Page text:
Stilson wurde nach dem Gründer der Washington Post, Stilson Hutchins, benannt. Eigentlich handelt es sich dabei um eine Ergänzung der Washington Post Headline-Schrift Postoni von Matthew Carter, die 2009 zum Redesign der Zeitung von Richard Lipton, Jill Pichotta und Dyana Weissman durch verfeinerte Display- und Condensed-Schnitte erweitert wurde.

Aus dem Pressetext: The story of Stilson begins with Postoni, the iconic headline face for The Washington Post.

Postoni is Matthew Carter’s interpretation of the Modern style exemplified by Bodoni’s types, but heavily informed by the requirements of a contemporary newspaper display face. As Carter remembers it, when Postoni was commissioned in 1997, “the decision had already been made at The Post to continue to set headlines ‘up style’ and to continue to use Bodoni. Postoni was an attempt to reduce the relative prominence of the capitals and give the face more modern proportions.”

The original is pretty sturdy for an ostensibly high-contrast style. The serifs are completely flat and unbracketed. It works best for medium display sizes, around 36 to 42 points, but holds up surprisingly well down to about 18 point. For The Post’s 2009 redesign, Richard Lipton, Jill Pichotta, and Dyana Weissman expanded the family with more refined Display and Display Condensed styles for use in even larger headlines (more info here).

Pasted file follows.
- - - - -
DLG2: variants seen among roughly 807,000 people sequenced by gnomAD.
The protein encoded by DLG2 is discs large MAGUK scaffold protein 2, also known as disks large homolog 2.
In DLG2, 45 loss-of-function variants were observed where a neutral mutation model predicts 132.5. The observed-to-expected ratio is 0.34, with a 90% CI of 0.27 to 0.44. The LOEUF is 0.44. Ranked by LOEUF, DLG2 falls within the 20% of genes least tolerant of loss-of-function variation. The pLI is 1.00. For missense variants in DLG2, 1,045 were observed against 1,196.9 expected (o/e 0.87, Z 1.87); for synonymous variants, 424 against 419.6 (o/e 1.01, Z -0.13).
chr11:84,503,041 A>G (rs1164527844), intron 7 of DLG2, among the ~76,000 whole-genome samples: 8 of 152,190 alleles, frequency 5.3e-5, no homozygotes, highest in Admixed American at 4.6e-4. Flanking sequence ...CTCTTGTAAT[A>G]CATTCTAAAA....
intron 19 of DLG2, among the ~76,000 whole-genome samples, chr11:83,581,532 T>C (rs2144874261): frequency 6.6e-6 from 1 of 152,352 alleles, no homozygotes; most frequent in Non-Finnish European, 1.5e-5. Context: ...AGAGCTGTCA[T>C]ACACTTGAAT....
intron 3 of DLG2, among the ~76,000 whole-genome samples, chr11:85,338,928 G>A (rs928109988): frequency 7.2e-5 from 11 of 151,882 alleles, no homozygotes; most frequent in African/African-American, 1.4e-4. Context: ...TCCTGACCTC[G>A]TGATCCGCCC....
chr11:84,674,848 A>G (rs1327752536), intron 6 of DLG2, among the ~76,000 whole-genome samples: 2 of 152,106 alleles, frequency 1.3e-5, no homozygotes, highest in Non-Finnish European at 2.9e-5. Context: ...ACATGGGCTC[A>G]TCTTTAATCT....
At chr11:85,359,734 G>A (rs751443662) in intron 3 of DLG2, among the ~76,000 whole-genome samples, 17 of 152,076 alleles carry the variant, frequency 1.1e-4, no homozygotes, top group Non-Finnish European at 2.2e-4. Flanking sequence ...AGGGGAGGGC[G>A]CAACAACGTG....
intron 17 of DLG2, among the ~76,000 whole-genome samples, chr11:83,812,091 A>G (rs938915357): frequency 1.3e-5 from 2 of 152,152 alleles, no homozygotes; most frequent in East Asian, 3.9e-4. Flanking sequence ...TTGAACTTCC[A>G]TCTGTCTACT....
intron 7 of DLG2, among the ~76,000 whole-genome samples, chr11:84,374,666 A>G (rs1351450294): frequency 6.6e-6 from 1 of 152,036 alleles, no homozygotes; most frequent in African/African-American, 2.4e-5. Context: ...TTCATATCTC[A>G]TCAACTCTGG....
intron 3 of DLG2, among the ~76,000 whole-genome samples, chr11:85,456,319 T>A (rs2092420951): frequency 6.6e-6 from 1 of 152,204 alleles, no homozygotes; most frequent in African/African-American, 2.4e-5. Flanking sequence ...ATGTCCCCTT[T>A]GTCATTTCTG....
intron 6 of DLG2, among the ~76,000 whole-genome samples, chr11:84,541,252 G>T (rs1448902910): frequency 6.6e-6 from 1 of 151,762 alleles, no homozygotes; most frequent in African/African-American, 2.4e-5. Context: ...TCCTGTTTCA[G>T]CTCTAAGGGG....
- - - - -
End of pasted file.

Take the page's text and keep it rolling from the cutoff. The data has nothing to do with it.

The Display styles have a more pronounced contrast, with more delicate thin strokes and lightly cupped & bracketed serifs. They start to shine at around 72 point and maintain their elegance up into the 120+ point range.

For its release in Font Bureau’s Retail library in 2012, Postoni was renamed Stilson in honor of The Washington Post’s founder, Stilson Hutchins.

Release: 2012
Publisher: Fontbureau
Weights: 12 Weights, Regular, Italic, Bold, Bold Italic, Display Regular, Display Italic, Display Bold, Display Bold Italic, Display Condensed Regular, Display Condensed Italic, Display Condensed Bold, Display Condensed Bold Italic

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